Economics 101Chapter01

Economics 101Chapter01 - 1 1Chapter 1 Introduction (latest...

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1 Chapter 1 Introduction (latest revision June 2006) As we begin our study of Macroeconomics, the 20 th century has recently come to an end. And what a century it was! So many of the most wonderful and horrible events that occurred in the 20 th century were economic events. And so many of the wonderful and horrible non- economics events were influenced by the economic ones. Therefore, we need to understand these economic events. This course is called Principles of Macroeconomics . Macro refers to “large”. In this course, we will discuss large groups of people and things . So we will not ask the question “what determines your standard of living or my standard of living?”. But we will ask the question “what determines the standard of living of the entire nation?”. We will not ask the question “do you have a job?”. But we will ask the question “how many Americans have jobs and how many are unemployed?”. We will not ask the question “what affects the price of a product such as gasoline?”. But we will ask the question “what affects the prices of all products sold in the United States?”. Our focus will be on these large groups, which we call “aggregates” . By focusing on these aggregates --- the overall standard of living, overall employment and unemployment, overall prices, and others --, we will be examining the principles by which economies operate. And by doing this, we will also be focusing on those events that we need to consider to understand much of the history of the 20 th and early 21 st centuries. Let us examine some of these events briefly. 1. Growth in the Standard of Living Perhaps the most significant story of the 20 th century was the enormous growth in the ability to produce goods and services and therefore in our standard of living . Let us first look at some numbers. The bar graph on Page 2 shows that the ability to produce goods and services around the world grew very little between the year 1000 and the year 1800. Then, it grew about 250% in the 19 th century, a remarkable performance. But in the 20 th century, production of goods and services increased 900%. This means that every person on the planet had nine times more goods and services in the year 2000 than in the year 1900. This economic performance is absolutely astonishing. If we focus just on the United States, the result is even more striking. The total production of goods and services rose from approximately $350 billion in 1900 to over $9,000 billion at the end of 1999 (measured in the constant prices). We produce more than twenty-five times the amount we produced a century ago. And the average work year to produce these goods has fallen from over 3,100 hours to about 1,730 hours, allowing people much more time for leisure pursuits. It takes less than 1/5 the amount of work time to feed a family as it did 100 years ago. Let us examine the meaning of these numbers.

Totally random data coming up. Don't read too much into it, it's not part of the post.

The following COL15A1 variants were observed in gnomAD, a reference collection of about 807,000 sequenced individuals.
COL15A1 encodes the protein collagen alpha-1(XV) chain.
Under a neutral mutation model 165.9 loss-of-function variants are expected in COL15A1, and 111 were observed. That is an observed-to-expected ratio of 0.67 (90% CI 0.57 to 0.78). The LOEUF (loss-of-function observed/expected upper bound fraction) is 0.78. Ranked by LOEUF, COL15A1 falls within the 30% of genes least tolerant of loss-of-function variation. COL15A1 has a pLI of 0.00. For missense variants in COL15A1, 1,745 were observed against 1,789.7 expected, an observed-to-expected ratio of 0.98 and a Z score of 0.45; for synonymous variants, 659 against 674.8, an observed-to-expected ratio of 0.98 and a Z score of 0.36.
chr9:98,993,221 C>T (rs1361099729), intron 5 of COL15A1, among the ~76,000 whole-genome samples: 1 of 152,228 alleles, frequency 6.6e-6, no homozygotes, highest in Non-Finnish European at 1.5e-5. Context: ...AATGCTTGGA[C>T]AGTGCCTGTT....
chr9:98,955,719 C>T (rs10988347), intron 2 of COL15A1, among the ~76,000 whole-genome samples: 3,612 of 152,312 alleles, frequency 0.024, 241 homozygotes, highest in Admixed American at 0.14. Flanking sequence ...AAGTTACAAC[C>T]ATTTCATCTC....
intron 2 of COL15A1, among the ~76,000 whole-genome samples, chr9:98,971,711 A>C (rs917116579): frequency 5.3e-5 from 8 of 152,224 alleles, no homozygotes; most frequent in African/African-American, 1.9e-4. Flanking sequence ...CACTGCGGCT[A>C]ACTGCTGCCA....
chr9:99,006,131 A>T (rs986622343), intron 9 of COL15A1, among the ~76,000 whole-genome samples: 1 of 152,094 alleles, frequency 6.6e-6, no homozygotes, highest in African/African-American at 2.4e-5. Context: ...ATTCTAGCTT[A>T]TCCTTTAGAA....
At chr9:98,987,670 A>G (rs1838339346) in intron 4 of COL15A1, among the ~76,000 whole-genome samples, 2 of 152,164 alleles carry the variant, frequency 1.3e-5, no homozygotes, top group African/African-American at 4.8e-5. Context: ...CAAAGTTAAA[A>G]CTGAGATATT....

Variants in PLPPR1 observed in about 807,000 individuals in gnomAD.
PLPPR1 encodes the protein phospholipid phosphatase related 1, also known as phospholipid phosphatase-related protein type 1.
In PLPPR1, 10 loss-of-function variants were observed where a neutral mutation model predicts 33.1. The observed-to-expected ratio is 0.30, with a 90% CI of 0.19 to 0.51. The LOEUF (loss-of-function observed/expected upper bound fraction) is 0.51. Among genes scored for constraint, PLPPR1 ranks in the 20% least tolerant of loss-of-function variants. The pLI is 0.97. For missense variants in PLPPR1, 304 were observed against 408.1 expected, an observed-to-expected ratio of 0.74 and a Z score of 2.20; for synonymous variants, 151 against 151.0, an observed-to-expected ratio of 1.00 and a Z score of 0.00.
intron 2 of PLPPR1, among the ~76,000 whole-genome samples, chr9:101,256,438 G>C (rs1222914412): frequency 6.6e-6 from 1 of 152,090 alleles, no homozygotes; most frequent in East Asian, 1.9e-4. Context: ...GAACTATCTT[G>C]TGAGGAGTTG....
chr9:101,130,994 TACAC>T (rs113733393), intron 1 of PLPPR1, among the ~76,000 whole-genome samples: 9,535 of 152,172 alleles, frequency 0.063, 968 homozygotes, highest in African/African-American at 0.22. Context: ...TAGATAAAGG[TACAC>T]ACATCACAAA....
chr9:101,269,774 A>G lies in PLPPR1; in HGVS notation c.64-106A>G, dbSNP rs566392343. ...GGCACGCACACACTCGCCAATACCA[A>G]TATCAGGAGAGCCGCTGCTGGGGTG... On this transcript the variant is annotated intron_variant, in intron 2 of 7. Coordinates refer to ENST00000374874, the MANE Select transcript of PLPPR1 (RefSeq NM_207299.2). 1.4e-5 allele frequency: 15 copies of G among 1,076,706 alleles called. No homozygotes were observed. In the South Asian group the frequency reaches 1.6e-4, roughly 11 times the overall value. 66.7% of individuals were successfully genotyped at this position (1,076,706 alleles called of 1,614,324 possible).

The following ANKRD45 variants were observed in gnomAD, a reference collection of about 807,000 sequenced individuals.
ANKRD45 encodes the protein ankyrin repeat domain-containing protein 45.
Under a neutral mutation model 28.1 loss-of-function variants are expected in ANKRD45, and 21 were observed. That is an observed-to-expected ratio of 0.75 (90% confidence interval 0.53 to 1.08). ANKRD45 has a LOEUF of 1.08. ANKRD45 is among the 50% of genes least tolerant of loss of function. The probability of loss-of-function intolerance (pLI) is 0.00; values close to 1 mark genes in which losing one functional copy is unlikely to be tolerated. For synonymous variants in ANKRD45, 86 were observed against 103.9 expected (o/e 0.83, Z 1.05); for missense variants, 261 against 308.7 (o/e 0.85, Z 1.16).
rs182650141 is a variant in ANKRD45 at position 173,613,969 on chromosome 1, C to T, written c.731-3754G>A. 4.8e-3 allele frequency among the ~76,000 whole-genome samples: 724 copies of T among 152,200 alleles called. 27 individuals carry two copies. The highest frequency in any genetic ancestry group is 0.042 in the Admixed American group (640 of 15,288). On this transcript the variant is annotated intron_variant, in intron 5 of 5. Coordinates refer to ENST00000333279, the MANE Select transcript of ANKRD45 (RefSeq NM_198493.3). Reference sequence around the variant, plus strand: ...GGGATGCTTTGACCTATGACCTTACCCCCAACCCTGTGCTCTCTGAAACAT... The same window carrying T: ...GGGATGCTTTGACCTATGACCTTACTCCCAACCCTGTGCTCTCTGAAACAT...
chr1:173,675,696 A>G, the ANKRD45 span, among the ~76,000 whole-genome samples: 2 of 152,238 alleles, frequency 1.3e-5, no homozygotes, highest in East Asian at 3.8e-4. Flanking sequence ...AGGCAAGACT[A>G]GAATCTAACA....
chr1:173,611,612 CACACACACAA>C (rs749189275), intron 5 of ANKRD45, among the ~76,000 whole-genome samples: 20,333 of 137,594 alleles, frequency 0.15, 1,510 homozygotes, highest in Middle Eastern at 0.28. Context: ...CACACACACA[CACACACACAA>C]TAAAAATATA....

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Economics 101Chapter01 - 1 1Chapter 1 Introduction (latest...

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